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Medvedev sees positive signals from the Georgian government

By Ana Robakidze
Thursday, August 8
“I made the right decision in August 2008,” Russian Prime Minister Dimitri Medvedev said in his interview on Rustavi 2. Russia-Georgian relations, Georgia’s aspiration to join NATO, Bidzina Ivanishvili’s government and the relocation of the occupation line, were among the issues Medvedev spoke during his interview.

“I was the one who took the decision and I believe it was the only right decision in that situation. Of course there is no condition whatsoever now to revise this decision. It would be a gross mistake,” he said, once again reiterating that Russia will not review its decision to recognize Abkhazia and South Ossetia.

“At this stage, Russia is not going to review the recognition of the independence of Abkhazia and South Ossetia,” Medvedev stated. He also said that the future depends on the people and their will.

“The future depends on people… on Georgia as a whole, on those people who live in these areas we have recognized as subjects of international law, on the collective will of the people,” the Russia PM said, adding that there is a possibility for a very different scenarios to develop, but everything should happen based on “the will of the people and not on military force.” Medvedev stated that if there is a common desire of the Georgian, Abkhazian and Ossetian people to cooperate and settle relations, Russia will never interfere and hamper the process.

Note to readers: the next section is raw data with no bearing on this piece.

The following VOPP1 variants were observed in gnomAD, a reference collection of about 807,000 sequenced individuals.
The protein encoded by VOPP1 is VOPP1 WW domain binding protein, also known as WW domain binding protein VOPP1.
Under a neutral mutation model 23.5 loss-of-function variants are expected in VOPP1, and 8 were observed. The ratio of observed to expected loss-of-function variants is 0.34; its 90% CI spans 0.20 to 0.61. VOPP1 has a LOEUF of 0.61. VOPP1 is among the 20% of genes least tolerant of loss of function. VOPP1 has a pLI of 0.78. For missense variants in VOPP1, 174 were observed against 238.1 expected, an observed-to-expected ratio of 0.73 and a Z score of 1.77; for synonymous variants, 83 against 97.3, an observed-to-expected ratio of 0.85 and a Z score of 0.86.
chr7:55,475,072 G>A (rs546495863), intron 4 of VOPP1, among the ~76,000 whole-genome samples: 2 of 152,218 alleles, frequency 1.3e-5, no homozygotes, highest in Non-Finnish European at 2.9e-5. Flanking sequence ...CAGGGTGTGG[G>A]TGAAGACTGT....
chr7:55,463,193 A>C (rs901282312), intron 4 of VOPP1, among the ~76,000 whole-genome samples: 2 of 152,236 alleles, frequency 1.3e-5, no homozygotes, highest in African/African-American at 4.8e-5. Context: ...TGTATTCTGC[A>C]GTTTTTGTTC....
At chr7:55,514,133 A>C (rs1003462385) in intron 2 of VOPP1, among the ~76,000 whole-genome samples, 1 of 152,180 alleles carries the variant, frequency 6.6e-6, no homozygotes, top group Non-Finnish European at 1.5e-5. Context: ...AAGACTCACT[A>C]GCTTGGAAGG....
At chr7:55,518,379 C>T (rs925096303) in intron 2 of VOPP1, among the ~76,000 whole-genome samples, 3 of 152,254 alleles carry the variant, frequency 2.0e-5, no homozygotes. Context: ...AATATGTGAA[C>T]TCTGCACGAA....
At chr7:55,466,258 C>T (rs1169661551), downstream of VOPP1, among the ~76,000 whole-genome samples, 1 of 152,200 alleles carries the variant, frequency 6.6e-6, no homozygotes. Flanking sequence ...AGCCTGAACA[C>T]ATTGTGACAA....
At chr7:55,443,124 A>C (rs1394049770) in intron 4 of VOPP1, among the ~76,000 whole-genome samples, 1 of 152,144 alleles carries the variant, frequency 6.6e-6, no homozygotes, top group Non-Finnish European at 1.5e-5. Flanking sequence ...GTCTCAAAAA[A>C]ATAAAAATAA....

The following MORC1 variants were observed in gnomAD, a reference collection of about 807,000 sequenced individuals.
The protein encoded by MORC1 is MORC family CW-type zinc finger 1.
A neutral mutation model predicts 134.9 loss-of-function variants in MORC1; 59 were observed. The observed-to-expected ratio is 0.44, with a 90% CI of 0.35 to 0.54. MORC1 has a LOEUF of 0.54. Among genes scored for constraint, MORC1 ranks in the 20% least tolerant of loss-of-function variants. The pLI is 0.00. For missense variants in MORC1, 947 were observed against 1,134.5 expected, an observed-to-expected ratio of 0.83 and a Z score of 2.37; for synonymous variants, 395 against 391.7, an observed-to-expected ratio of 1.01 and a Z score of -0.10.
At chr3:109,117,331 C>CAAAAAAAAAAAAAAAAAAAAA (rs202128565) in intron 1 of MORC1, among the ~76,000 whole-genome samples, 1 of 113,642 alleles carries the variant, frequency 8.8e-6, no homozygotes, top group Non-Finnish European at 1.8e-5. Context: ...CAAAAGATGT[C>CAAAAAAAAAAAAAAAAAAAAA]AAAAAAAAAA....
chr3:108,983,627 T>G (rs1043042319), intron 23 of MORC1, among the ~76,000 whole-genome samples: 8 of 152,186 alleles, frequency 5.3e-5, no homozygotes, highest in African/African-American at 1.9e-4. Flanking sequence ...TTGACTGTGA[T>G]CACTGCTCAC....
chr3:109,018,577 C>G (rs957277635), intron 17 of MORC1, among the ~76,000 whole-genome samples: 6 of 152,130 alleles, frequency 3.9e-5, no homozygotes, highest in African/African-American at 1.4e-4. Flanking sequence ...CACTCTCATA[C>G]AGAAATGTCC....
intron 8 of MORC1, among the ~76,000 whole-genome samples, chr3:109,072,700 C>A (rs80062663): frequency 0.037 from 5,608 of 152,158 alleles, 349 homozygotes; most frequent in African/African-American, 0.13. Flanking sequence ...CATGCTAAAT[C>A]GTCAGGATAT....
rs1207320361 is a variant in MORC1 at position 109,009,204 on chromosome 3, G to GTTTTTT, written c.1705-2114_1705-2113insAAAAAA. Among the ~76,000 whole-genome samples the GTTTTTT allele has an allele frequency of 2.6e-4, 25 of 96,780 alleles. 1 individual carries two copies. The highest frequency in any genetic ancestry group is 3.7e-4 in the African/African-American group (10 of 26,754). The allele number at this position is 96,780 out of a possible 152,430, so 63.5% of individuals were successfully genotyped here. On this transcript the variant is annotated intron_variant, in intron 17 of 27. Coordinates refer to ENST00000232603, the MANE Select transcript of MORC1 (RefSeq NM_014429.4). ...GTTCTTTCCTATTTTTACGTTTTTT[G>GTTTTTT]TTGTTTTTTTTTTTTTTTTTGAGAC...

Answering a question about the recent events in Ditsi village, when the occupation line was relocated and barbed wire fences were installed, Medvedev said that Russia had nothing to do with it.

Speaking about Georgian-Russian relations, Medvedev said that positive signals coming from the Georgian government have been “heard” in Russia. He especially welcomes the fact that Georgia is not going to boycott the 2014 Winter Olympic Games in Sochi.

According to Medvedev’s assessment, Georgian Prime Minister Bidzina Ivanishvili is a pragmatic person, who wishes for the prosperity of his country and has defined his political orientations and priorities.

Russia still remains concerned over Georgia’s intention to join NATO. “To put it mildly, we do not welcome Georgia's membership in NATO,” Medvedev said. He explained that Russia acknowledges that Georgia and any other country has all the rights to join the organization it wants to, but Georgia’s NATO membership simply does not comply with Russia’s interests and the membership will harm Georgia as well.

In the interview, the Russian PM revealed his hopes that the two countries will restore good neighborly relations. Medvedev said that Georgian and Russian people are linked by their mutual interest to live in peace.

Representatives of the Georgian government and opposition have already commented on Medvedev’s interview. Georgian politicians say they do not believe in the Russian PM’s sentiments and kind wishes to have good relations with Georgia.

The Chairperson of parliament’s Interim Commission on the Restoration of Georgia’s Territorial Integrity, Giorgi Volski, said Georgia should not be influenced by Medvedev’s sentimental statements and the country should follow its strategic interests.

Goka Gabashvili, MP from the oppositional United National Movement (UNM), said Medvedev’s interview was nothing but an expression of his “cynical” attitude towards Georgia. Gabashvili said that Russia is looking forward to Georgia making fatal mistakes and finally lose territories. He reminded Medvedev that the territories Russia occupies are internationally recognized as Georgian territories and this can never be changed.